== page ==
By Sadaf Rauf, staff writer for The Attached Family publications
Adolescent use of illicit drugs and alcohol has become a pervasive problem in contemporary society. The National Institute on Drug Abuse (NIDA) 2008 survey found that, by the time U.S. adolescents reach 12th grade, 47% have taken an illicit drug and 72% have used alcohol in their lifetime. Of eighth graders, 28% have used an illicit substance and 39% have tried alcohol. To add to the picture, 55% of 12th graders and 18% of eighth graders have reported being drunk at least once in their lives.
Parenting Style Matters
There are certain types of parenting styles that increase the likelihood that adolescents will abuse drugs or alcohol. According to a 2002 University of New Hampshire Cooperative Extension “Parenting Style: Does It Matter?” Teen Assessment Project, the “lowest prevalence of teen use of alcohol, tobacco, or marijuana was found for teens who reported that both parents had a democratic parenting style.”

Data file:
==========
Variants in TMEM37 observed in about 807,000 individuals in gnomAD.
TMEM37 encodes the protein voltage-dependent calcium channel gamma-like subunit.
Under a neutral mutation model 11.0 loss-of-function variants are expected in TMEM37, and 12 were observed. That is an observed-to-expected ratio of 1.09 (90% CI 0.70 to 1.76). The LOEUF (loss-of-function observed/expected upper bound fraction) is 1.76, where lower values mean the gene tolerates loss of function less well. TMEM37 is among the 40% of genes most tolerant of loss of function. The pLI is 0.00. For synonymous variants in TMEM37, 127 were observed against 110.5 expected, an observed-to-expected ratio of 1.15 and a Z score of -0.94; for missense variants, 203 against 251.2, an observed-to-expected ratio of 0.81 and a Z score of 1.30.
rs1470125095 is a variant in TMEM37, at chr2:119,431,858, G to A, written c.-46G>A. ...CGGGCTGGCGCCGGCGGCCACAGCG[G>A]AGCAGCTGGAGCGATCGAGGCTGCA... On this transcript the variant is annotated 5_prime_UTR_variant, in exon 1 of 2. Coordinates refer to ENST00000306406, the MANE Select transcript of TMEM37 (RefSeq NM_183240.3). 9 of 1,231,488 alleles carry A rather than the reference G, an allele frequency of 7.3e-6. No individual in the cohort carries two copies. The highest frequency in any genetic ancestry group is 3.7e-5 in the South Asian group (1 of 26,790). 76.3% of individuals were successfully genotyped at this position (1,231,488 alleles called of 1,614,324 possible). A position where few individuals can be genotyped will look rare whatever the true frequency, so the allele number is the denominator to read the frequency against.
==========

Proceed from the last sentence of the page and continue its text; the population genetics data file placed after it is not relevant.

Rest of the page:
In democratic, more commonly known as Authoritative Parenting, approaches, parents set rules and guidelines that they expect children to follow, but they also recognize that sometimes flexibility is called for. Authoritative parents often express love and affection to their children without fear that such expressions of emotion may affect their ability to discipline. As their children get older, authoritative parents encourage more responsibility and freedom within defined rules. The American Academy of Pediatrics and other children’s health organizations state that children of authoritative parents usually grow up to be independent, socially successful, and respectful of authority. Continue reading Parenting Style Matters in Substance Abuse Prevention